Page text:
In 1885, Tacoma’s Chinese community was growing. Tied to the railroads by economic circumstance as well as public opinion, that growth was met with hostility by a significant and vocal segment of Tacoma’s population. On November 3rd of that year, a large group of men acting in concert with regional anti-Chinese activists evicted between 125 and 200 Chinese from their homes and businesses across Tacoma. This was all that remained of Tacoma’s Chinese community; many others had fled, boarding trains at the Villard passenger station in the preceding weeks as calls for their departure mounted across the region. The refugees’ final moments in Tacoma were spent marching down Pacific Avenue, past the home of the city’s Mayor and finally past Villard Depot. Instead of waiting there for the next train they were turned south towards Lake View, the first station beyond Tacoma’s borders. Arriving at Lake View station that evening well after dark, they crowded into the station and several nearby sheds. Those with money purchased tickets on the next morning's passenger train to Portland, OR; those without funds boarded a 3AM freight train going in the same direction that station agents flagged to stop for them.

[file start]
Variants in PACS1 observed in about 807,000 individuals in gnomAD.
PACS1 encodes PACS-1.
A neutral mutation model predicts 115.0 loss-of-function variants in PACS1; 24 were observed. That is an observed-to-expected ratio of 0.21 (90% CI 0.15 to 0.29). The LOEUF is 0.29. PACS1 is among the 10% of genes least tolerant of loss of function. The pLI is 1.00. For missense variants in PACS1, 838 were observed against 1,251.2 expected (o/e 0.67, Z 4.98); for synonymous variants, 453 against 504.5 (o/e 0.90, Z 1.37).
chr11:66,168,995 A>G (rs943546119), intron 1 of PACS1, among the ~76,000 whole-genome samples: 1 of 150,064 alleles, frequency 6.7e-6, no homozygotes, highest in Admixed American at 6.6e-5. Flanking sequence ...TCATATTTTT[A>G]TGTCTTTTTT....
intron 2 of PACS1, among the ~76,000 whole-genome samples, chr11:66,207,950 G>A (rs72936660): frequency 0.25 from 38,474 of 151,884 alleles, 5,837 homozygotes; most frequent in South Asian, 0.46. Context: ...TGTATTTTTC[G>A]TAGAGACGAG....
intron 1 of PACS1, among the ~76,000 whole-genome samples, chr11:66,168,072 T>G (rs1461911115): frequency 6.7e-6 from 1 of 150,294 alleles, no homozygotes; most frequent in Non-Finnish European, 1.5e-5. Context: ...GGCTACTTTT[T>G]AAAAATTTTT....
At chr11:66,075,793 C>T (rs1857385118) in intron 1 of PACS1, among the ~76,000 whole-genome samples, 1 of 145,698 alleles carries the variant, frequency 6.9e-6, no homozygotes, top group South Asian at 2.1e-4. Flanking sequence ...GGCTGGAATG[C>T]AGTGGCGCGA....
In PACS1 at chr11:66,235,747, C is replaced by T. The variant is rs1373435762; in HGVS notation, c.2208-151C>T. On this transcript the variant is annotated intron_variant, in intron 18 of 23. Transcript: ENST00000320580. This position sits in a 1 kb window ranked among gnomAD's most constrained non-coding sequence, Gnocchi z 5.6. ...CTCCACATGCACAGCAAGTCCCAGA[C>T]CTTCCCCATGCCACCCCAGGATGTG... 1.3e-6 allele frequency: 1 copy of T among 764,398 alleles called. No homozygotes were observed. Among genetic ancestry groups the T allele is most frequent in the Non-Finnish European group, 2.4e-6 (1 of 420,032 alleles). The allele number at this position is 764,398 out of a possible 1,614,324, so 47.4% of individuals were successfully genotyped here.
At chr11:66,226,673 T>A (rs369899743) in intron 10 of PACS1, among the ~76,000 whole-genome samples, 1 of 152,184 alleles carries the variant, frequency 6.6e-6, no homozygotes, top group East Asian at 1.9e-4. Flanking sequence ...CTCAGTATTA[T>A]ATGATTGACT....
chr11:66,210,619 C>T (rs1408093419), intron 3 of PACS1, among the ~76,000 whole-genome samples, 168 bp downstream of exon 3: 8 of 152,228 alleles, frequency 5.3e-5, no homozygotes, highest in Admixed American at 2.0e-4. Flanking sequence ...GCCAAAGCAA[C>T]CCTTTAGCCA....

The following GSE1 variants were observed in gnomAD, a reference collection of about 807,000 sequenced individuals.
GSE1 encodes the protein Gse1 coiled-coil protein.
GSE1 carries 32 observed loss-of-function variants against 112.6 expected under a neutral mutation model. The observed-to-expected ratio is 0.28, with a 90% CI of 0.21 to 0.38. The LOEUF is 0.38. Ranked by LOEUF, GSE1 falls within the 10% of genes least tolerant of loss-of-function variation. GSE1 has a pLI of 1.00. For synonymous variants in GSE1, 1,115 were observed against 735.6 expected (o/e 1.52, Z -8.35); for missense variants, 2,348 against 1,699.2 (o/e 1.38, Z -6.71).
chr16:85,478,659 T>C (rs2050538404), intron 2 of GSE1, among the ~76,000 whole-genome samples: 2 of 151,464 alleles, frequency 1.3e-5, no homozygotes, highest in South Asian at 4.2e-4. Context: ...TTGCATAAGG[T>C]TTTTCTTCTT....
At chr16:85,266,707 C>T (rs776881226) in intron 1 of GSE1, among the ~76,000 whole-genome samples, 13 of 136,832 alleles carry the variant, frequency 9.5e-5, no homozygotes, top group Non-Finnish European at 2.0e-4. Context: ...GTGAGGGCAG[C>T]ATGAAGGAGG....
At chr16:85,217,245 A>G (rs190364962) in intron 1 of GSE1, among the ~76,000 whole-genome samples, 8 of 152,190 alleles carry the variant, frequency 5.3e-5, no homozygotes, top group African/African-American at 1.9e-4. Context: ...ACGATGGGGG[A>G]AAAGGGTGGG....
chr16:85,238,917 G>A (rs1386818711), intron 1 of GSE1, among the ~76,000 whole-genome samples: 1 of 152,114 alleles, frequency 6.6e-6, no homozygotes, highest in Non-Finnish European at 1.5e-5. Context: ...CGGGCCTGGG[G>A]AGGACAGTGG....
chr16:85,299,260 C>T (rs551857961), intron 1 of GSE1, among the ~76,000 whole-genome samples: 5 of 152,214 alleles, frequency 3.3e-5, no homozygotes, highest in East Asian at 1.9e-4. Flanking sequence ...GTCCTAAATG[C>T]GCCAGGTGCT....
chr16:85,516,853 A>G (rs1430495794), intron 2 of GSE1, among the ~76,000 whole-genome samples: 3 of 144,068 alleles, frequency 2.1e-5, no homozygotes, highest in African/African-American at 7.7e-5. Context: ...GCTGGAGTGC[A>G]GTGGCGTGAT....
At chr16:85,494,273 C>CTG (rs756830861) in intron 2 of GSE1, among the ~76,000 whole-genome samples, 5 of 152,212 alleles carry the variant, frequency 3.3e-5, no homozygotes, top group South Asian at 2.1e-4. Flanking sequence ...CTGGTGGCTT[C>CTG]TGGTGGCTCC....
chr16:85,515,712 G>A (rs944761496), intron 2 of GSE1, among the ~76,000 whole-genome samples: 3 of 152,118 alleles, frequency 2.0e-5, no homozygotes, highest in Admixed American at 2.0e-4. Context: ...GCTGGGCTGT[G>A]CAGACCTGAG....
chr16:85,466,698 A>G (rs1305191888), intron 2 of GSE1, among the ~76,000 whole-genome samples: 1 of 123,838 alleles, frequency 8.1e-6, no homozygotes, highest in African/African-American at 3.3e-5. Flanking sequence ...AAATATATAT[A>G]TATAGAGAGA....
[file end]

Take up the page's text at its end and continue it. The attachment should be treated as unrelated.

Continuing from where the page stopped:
One week later, troops stationed in Seattle arrived in Tacoma, making camp near Villard Depot once they disembarked. They were there to guarantee the successful arrest of 27 Tacomans charged in federal court with violating U.S. law during the November 3rd expulsion of Chinese residents. Captain of Tacoma’s Home Guard Albert Whyte accompanied U.S. Marshal J.W. George to serve warrants on the men for insurrection against the U.S. government and hold them at the local courthouse until they could be put on a train to Vancouver, WA for arraignment. The next morning, a crowd of locals accompanied the Tacoma 27 to the passenger station. In Vancouver, a District Judge heard their pleas (not guilty), scheduled trial for early the following year, and set bail at $5,000 per man. Then he released them to return home. An exultant crowd met the men at Villard Depot and escorted them to a dinner and a reception celebrating their safe return. The station remained in use until it was moved across the street in 1892, then demolished nearly two decades later to make room for the much larger Union Station in 1909. Tacoma’s population had reconciled with its railroad dreams; it would take decades longer to reconcile with its anti-Chinese actions.
The Tacoma Method. Accessed September 10th 2020. https://www.tacomamethod.com/.
Murray Morgan, Puget's Sound: A Narrative of Early Tacoma and the Southern Sound (Seattle: University of Washington Press, 1979).
Herbert Hunt, Tacoma: Its History and Its Builders; A Half Century of Activity (S. J. Clarke Publishing Company, 1916).
Tacoma Public Library Historic Building Files (BU-12235)
Museum of History & Industry, Seattle; All Rights Reserved